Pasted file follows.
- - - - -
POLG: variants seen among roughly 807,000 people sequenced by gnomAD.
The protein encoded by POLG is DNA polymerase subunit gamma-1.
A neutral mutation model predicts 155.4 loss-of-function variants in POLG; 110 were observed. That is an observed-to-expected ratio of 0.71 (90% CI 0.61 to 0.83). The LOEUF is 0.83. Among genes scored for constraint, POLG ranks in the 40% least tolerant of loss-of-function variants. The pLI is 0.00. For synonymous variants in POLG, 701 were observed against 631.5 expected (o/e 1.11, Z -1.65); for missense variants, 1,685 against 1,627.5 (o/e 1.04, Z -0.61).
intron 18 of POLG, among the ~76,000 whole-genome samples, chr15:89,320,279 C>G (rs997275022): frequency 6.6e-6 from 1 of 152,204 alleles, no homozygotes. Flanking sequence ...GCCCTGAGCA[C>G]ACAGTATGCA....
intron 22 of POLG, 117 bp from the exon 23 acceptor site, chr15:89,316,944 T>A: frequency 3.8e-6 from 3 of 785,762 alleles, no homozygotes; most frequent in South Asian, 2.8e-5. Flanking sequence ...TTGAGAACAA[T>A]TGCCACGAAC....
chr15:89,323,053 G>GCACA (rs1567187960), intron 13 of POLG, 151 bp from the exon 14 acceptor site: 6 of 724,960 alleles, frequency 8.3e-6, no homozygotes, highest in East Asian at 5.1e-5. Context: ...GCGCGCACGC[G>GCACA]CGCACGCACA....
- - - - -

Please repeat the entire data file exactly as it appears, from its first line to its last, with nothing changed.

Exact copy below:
POLG: variants seen among roughly 807,000 people sequenced by gnomAD.
The protein encoded by POLG is DNA polymerase subunit gamma-1.
A neutral mutation model predicts 155.4 loss-of-function variants in POLG; 110 were observed. That is an observed-to-expected ratio of 0.71 (90% CI 0.61 to 0.83). The LOEUF is 0.83. Among genes scored for constraint, POLG ranks in the 40% least tolerant of loss-of-function variants. The pLI is 0.00. For synonymous variants in POLG, 701 were observed against 631.5 expected (o/e 1.11, Z -1.65); for missense variants, 1,685 against 1,627.5 (o/e 1.04, Z -0.61).
intron 18 of POLG, among the ~76,000 whole-genome samples, chr15:89,320,279 C>G (rs997275022): frequency 6.6e-6 from 1 of 152,204 alleles, no homozygotes. Flanking sequence ...GCCCTGAGCA[C>G]ACAGTATGCA....
intron 22 of POLG, 117 bp from the exon 23 acceptor site, chr15:89,316,944 T>A: frequency 3.8e-6 from 3 of 785,762 alleles, no homozygotes; most frequent in South Asian, 2.8e-5. Flanking sequence ...TTGAGAACAA[T>A]TGCCACGAAC....
chr15:89,323,053 G>GCACA (rs1567187960), intron 13 of POLG, 151 bp from the exon 14 acceptor site: 6 of 724,960 alleles, frequency 8.3e-6, no homozygotes, highest in East Asian at 5.1e-5. Context: ...GCGCGCACGC[G>GCACA]CGCACGCACA....